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Page number:48 
Description type:Non-original description 
Description:RAMARIA AMERICANA (Corner) Petersen, stat. nov. Basionym: Ramaria nigrescens var. americana Corner. 1950. Ann. Bot. Mem. 1: 608.[- Clavaria broomei auct. non Cotton & Wakefield. Coker, 1923. Clav. N. Amer. & Can., p. 186.] Type (lectotype): NCU - United States, New York, Vaughns, 12.viii.15, coll. Burnham, no. 74, annot. Coker, RHP [I] [illustrated: Coker, ibid., pl. 71 (lower), pl. 89, fig. 15]; (merotype - NY). Figures 4, 5.
Fruitbodies (Fig. 4) up to 7 cm high, up to 3 cm broad, branched, arbuscular. Stipe up to 50 x 5 mm, equal or tapering downward, white where protected, pinkish where exposed and/or handled, smooth, naked or with a few slender white rhizomorphic strands at very base; flesh white, unchanging on bruising or cutting. Branches arising as several denticulate cusps (cf. Coker, ibid., pl. 71, upper), elongating irregularly into a cristate to palmate pattern, finally with well developed apices, flattened, ochraceous brown to reddish brown when fresh, in age betoming reddish brown and blackening on drying (teste Coker, but not blackening on bruising or handling); axils narrowly rounded; young apices short, flattened-conical, the ends of the palmate or cristate branches, ochraceous to ochraceous tan; mature apices digitate to dichotomous, ochraceous tan; hymenium amphigenous, smooth, plushy. Odor and taste none (teste Coker).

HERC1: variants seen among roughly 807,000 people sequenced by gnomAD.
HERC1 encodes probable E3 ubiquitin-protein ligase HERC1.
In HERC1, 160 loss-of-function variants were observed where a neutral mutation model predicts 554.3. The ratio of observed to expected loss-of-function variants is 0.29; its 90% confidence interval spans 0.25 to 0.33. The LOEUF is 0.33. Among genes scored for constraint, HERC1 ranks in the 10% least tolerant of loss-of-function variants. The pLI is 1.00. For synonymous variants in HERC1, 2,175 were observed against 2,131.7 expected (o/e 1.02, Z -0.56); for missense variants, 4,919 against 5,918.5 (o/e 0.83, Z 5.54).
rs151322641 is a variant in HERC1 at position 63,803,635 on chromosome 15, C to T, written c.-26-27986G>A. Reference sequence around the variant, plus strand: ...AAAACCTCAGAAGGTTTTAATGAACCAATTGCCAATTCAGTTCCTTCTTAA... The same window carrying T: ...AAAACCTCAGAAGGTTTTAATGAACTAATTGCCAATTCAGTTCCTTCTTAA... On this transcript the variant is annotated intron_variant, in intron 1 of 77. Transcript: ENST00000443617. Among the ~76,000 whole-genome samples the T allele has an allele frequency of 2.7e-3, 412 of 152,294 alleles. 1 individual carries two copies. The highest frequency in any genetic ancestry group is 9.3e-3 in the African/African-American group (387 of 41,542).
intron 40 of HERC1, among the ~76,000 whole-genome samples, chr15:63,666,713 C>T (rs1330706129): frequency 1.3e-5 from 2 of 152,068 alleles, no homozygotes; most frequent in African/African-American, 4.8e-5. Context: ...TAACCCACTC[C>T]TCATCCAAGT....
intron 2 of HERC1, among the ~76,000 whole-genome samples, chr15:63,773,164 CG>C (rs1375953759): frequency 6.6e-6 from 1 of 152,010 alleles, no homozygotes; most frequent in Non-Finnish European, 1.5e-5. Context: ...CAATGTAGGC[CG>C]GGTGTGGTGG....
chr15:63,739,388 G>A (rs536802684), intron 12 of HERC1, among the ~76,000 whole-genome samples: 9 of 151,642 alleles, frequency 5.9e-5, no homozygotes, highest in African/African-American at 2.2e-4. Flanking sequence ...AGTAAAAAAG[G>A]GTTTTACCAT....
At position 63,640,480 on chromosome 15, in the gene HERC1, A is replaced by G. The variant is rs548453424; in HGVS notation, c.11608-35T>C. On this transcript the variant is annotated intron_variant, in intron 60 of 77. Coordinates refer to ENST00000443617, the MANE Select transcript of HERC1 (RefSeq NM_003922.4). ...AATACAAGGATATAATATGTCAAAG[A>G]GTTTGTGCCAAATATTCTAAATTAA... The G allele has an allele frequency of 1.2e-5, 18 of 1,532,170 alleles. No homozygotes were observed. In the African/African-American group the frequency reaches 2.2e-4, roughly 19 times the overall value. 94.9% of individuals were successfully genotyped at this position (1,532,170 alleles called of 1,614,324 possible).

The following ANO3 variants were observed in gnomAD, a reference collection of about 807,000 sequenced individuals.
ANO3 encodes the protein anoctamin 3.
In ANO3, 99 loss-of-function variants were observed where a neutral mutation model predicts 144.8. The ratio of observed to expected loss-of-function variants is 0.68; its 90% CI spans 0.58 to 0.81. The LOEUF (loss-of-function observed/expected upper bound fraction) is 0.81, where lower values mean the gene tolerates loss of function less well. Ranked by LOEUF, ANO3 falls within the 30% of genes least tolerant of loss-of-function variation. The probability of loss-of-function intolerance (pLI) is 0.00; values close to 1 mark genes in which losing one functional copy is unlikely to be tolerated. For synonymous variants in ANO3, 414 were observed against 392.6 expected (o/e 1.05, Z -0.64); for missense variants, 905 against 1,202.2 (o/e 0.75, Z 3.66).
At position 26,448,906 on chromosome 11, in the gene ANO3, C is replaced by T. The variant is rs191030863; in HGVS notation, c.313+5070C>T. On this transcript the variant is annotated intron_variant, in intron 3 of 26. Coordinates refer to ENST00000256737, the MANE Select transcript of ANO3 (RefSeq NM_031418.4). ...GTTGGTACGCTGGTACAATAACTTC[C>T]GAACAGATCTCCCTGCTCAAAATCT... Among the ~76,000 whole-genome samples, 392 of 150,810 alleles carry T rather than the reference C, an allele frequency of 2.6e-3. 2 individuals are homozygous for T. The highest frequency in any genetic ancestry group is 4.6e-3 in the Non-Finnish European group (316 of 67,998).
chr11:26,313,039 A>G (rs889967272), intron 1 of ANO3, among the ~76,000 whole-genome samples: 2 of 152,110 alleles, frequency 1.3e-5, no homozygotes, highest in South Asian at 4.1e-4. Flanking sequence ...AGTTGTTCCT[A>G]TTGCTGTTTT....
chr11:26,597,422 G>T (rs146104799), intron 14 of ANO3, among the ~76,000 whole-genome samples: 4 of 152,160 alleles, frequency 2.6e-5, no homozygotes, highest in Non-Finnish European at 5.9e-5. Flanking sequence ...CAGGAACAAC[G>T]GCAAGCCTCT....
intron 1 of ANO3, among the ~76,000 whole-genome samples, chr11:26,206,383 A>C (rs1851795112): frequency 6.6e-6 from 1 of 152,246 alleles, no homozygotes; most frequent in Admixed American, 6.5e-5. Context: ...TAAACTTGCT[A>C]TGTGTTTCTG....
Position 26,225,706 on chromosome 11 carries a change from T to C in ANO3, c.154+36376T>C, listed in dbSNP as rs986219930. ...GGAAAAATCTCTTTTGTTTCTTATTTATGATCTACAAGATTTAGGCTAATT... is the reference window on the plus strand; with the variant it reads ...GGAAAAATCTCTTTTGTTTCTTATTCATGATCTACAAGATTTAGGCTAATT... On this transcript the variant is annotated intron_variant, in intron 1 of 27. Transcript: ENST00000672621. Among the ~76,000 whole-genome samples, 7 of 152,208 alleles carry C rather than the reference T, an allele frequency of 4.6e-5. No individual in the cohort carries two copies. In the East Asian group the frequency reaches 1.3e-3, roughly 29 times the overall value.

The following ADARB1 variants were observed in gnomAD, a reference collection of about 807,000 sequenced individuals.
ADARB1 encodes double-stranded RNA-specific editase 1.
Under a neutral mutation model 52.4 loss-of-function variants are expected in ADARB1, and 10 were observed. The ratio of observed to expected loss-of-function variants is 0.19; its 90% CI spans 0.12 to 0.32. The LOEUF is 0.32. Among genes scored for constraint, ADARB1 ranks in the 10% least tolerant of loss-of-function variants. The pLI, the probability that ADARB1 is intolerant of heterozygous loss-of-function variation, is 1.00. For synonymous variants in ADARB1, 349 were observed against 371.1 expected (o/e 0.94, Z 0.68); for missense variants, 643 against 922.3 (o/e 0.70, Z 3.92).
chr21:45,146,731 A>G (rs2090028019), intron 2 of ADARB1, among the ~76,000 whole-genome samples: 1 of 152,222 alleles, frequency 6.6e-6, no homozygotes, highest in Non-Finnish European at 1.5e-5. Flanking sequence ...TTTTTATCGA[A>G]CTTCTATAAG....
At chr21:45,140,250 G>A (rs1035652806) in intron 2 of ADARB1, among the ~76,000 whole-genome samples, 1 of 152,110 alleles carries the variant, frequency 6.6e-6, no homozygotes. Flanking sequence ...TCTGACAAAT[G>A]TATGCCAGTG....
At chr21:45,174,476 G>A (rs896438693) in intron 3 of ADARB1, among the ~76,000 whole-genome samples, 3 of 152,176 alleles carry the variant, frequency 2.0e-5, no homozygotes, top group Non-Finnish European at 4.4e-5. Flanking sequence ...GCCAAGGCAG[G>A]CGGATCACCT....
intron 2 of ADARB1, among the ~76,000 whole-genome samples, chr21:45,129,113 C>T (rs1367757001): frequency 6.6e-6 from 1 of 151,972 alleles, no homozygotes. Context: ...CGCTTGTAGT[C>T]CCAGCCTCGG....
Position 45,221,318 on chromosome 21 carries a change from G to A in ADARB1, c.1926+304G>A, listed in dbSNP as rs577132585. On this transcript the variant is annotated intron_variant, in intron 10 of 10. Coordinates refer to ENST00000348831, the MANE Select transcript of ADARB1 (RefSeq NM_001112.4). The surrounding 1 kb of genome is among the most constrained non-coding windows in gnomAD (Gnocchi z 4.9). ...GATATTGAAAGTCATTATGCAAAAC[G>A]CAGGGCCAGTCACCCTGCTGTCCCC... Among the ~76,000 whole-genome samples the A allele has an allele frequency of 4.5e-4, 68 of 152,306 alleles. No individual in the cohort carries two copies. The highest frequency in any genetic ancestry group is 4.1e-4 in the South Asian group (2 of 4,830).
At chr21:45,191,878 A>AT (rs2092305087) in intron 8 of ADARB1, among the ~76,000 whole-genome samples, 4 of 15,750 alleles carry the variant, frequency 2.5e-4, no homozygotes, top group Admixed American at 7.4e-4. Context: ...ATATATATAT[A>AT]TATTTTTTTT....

Tramal hyphae of branches 1.5-3.0 µm diam, adherent, clamped, tightly parallel, yellowish in mass, thin-walled. Hymenium thickening; basidia 32-40 x 6.5-7.5 µm, clavate, pale
yellow in mass, (2)-4-sterigmate; sterigmata slender, straight, slightly divergent. Spores (Fig. 5) 14.5-22 x 5.5-7.5 µm (E = 2.24-3.60; _Em = 2.67; Lm = 16.25 µm), boletoid (cylindrical, with adaxial hump), deep reddish ochraceous in prints (teste Coker); contents homogeneous to obscurely multiguttulate; wall up to 0.5 µm thick, hilar appendix gradual, eccentric, often commashaped, thin-walled; ornamentation of discrete spines up to 2.5 µm long, occasionally connected into short plates, and these longitudinal.
Macrochemical reactions: not recorded.
On soil or leaf litter under Acer, Fagus and Tsuga; north eastern United States.
OBSERVATIONS: According to notes accompanying the portion of the type at CUP, both Peck and Coker knew of the taxon before its recognition as allied to R. macrospora (= R.
broomei). Peck considered it a form of R. grandis, and so described it (N.Y. St. Mus. Bull. 167: 24. 1913). Coker had received specimens from Burnham, and collected a few young fruitbodies with him (illustrated by Coker, 1923, as plate 71, above). Coker had intended to name the species after Burnham, but also wrote to Atkinson that he (Coker) had planned to call North Carolina collections CLavaria woodiana. Ramaria americana has never been seen from North Carolina, and I suspect that Coker had in mind either collections of R. longicaulis or more probably R. pancaribbea. Nevertheless, Coker finally become aware of the similarities between R. americana and CLavaria broomei, and published a description under the latter name.